Tough Crowd at Emerald Downs Auction

Auctioneers faced a very tough crowd on Tuesday, 2 September 2008, at the Morris J. Alhadeff Sales Pavilion, Emerald Downs, during the annual summer yearling sale hosted by the Washington Thoroughbred Breeders Association. Sales and auctions across the country have been feeling the impact of the economy, and with median sales figures declining by approximately forty five percent, the Washington Thoroughbred Breeders Association summer yearling sale suffered the same fate. But besides for a general drop in purchases, there were a few sales that stood out and lightened the mood.

The Auction Event

On Tuesday, September 2, 2008, at the Morris J. Alhadeff Sales Pavilion, Emerald Downs auctioneers faced a rather tough crowd during the annual summer yearling sale hosted by the Washington Thoroughbred Breeders Association.

Sales and auctions around the nation have felt the effect of the economy. The Summer Yearling Sale of the Washington Thoroughbred Breeders Association experienced the same fate with median sales figures falling by approximately 45%. Yet, there were a few deals that stood out and lightened the mood, despite a general decline in purchases.

The auction report revealed the sales of 114 horses out of 119 on offer. The average sales price for the day was $11,224, while the median price was $6,500. The gross sales figure was $1,279,500, with the highest price at the auction being $92,000 for a filly and $47,000 for a colt. In comparison to last year’s revenues, this year’s auction’s sales were 40% less by comparison, carrying the lowest gross sales since 1978.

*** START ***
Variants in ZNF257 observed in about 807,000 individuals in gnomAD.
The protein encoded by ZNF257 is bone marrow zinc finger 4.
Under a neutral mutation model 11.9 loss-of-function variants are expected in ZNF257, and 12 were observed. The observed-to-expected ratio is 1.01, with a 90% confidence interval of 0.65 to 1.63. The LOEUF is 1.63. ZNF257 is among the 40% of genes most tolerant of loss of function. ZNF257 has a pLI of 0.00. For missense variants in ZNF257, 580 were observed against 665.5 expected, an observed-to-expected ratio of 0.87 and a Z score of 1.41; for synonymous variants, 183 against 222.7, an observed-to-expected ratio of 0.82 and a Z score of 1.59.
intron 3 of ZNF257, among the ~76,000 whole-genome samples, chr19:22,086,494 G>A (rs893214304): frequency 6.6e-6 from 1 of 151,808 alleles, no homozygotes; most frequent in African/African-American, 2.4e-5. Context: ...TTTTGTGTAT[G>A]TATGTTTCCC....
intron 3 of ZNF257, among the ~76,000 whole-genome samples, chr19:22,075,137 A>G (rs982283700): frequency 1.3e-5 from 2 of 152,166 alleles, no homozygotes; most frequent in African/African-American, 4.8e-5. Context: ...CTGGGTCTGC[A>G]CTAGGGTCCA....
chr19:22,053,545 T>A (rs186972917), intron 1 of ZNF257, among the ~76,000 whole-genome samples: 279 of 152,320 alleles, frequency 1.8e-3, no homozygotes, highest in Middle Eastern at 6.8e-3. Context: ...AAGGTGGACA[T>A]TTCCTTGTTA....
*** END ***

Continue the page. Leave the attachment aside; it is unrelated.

The top selling price of the day was for a filly, Cherokee Echo, sired by Cherokee Run and out of the mare, Silver Echo. Dave and Jill Heerensperger paid $92,000 for the yearling, which recently won the Barbara Shinpoch Stakes at Emerald Downs. Cherokee Run is a leading sire, and his descendants have collectively gained $34.4 million in winnings, thus far.

The second highest price for the auction was also taken by a filly. Hip 52 F was purchased by Mark Dedomenico, and consigned by El Dorado Farms LLC, for $50 000. The filly, which was sired by City Zip, was out of the mare, Stormbow, which is also a daughter of the legendary Storm Cat.

A colt was also purchased by Jeff Bonde, and consigned by El Dorado Farms, for $47,000, which was by Slewdledo and out of the mare, Go for Jackie. The colt is the half-brother of Indian Weaver. In third spot, a filly, was purchased for $45,000, sired by You and I and out of the mare, Cascade Corona.  Jeff Bonde also purchased Hold That Tiger, a yearling sired, out of Sandra Smiles, for $40,000.

Not only do gamblers take their risks at Emerald Downs and similar venues, so do those who buy horses. While auctioneers try to coax higher prices from bidders, you will always hear tales of both disappointment and celebration.

The Emerald Downs’ Racetrack